I recently wrote an article for elephant journal titled How It Feels To Have Anxiety In A Relationship.
It was a particularly challenging and cathartic piece to write, since I had to revisit long-buried painful memories and pry open past (and present) insecurities.
I wasn’t sure how readers would respond, or whether they’d respond at all. But they did, and it’s quite honestly been the most beautifully connecting experience.
You see, it’s difficult to articulate the crippling nature of anxiety to those who don’t suffer it, and almost impossible to understand or overcome it for those of us who do. The sad truth is, I’m not sure anxiety is something that can be ultimately broken past. I think it lives within us; and will continue to do so, on different levels, until the day we die.
That’s not to say, however, that it can’t be tamed or silenced.
When it comes to love, I believe our anxieties tend to be anchored in the perception of time—the notion that we’re each here for one lifetime, and the inherent fear of living it alone. I suppose it could be surmised in the human fear of uncertainty, namely: they might love us now, but will they love us tomorrow?
We tend to attach overbearing expectations to our relationships from within the confines of a perceived timeline, thereby allowing our futures unruly dictatorship over our present.
The result is a chronic sense of heartache which relentlessly threatens the daily joys so readily enjoyed by others; tearing away silently from within. I suppose you could say that we simply have trouble accepting that which could theoretically be taken from us.
As recent news headlines have so tragically reminded us, life is two things: precious and short. We have no real way of knowing how long we’ll be here, or with whom we’ll end up. We only know that we’re here, today… and hopefully with the one we love.
With this pressing mortality in mind, one might conclude that time is too flippant a variable for the equation of love. Relationships should, for the most part, be the most basic of math—a simple two-part sum.
In order to overcome anxiety in our relationships, we must attempt to find the fleeting infinity to each moment. We mustn’t apprehend their arrival, nor acknowledge their passing. We must embrace each one as though it were a snowflake, dancing precariously in the breeze: intricate, fragile and unique in its own immediate beauty.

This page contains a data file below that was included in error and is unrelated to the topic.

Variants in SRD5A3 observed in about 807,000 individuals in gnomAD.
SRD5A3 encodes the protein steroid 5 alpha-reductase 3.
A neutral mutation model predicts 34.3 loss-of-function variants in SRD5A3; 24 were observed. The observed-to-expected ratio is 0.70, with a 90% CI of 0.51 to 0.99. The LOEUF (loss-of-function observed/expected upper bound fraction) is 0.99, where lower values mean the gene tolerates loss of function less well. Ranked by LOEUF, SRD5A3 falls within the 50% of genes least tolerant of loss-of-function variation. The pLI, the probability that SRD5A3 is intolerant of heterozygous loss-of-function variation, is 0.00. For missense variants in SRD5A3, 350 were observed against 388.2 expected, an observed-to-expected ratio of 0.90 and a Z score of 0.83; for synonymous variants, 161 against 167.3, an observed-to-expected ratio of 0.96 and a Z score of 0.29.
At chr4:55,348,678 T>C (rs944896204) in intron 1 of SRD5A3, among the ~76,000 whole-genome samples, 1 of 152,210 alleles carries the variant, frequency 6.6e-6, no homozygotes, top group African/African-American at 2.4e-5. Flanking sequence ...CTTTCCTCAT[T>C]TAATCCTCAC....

Too often we focus on the accumulation of time, allowing it the power to validate or trivialize the way we feel.
In our relationships, we tend to become overwhelmed by the big picture when we should really be enjoying each and every glorious pixel.
With our eyes lying so stubbornly on the finish line, we doom ourselves to stumbling over the starting blocks. We must learn and accept that true love isn’t forever, it’s only for now; it’s not the distance we have to travel, it’s the gentle landing of each and ever footstep.
Love will never exist in the future; it will only exist in moments or memories. Each of these are yours to keep, and neither can be taken from you.
Take comfort in the knowledge that you’re not alone, that while your anxieties might feel all-consuming, they only amount to what you let them.
Understand that anxiety in your relationship doesn’t devalue your love—rather, it pays testimonial to the strength of it. After all, love and fear stand as the two core pillars to the one emotional pendulum; the more we love, the more we fear our losing it.
The higher we fly, the further we have to fall.
It’s natural, it’s gravity.
The sense of panic you feel is, in a way, precious. It’s there to remind you that what you have is rare and deserves to be treasured. So treasure it. Don’t resent it, don’t fight it. It’s the most deadly of proverbial quicksands, and the more you move, the deeper you’ll sink.
Be still, be calm.
Focus on what you know to be true, and read the following as your new relationship mantra:
They might not love you tomorrow, but that’s okay. Because you’ll never exist in tomorrow. You’ll only ever exist in today.
And today they love you.
Love elephant and want to go steady?
Editor: Renée Picard